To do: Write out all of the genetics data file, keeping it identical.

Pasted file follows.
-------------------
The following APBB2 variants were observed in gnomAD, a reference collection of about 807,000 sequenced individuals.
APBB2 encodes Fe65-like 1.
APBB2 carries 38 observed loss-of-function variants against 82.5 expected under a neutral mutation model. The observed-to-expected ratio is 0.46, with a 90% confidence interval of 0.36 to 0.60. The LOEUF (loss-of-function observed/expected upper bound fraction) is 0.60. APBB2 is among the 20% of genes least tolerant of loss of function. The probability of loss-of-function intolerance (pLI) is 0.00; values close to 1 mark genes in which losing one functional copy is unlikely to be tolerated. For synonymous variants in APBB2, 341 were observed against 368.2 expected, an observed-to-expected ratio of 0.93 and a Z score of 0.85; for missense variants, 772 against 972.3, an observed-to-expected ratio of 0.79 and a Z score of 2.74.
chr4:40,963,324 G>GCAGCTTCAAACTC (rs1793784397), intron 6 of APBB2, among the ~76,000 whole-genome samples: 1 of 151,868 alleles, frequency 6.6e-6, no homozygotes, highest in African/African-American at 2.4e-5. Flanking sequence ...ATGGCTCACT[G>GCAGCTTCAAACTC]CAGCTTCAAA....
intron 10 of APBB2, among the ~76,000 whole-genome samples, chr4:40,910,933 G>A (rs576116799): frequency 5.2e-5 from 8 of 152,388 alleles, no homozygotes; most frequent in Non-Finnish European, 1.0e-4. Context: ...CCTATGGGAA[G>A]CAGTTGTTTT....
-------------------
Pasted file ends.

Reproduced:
The following APBB2 variants were observed in gnomAD, a reference collection of about 807,000 sequenced individuals.
APBB2 encodes Fe65-like 1.
APBB2 carries 38 observed loss-of-function variants against 82.5 expected under a neutral mutation model. The observed-to-expected ratio is 0.46, with a 90% confidence interval of 0.36 to 0.60. The LOEUF (loss-of-function observed/expected upper bound fraction) is 0.60. APBB2 is among the 20% of genes least tolerant of loss of function. The probability of loss-of-function intolerance (pLI) is 0.00; values close to 1 mark genes in which losing one functional copy is unlikely to be tolerated. For synonymous variants in APBB2, 341 were observed against 368.2 expected, an observed-to-expected ratio of 0.93 and a Z score of 0.85; for missense variants, 772 against 972.3, an observed-to-expected ratio of 0.79 and a Z score of 2.74.
chr4:40,963,324 G>GCAGCTTCAAACTC (rs1793784397), intron 6 of APBB2, among the ~76,000 whole-genome samples: 1 of 151,868 alleles, frequency 6.6e-6, no homozygotes, highest in African/African-American at 2.4e-5. Flanking sequence ...ATGGCTCACT[G>GCAGCTTCAAACTC]CAGCTTCAAA....
intron 10 of APBB2, among the ~76,000 whole-genome samples, chr4:40,910,933 G>A (rs576116799): frequency 5.2e-5 from 8 of 152,388 alleles, no homozygotes; most frequent in Non-Finnish European, 1.0e-4. Context: ...CCTATGGGAA[G>A]CAGTTGTTTT....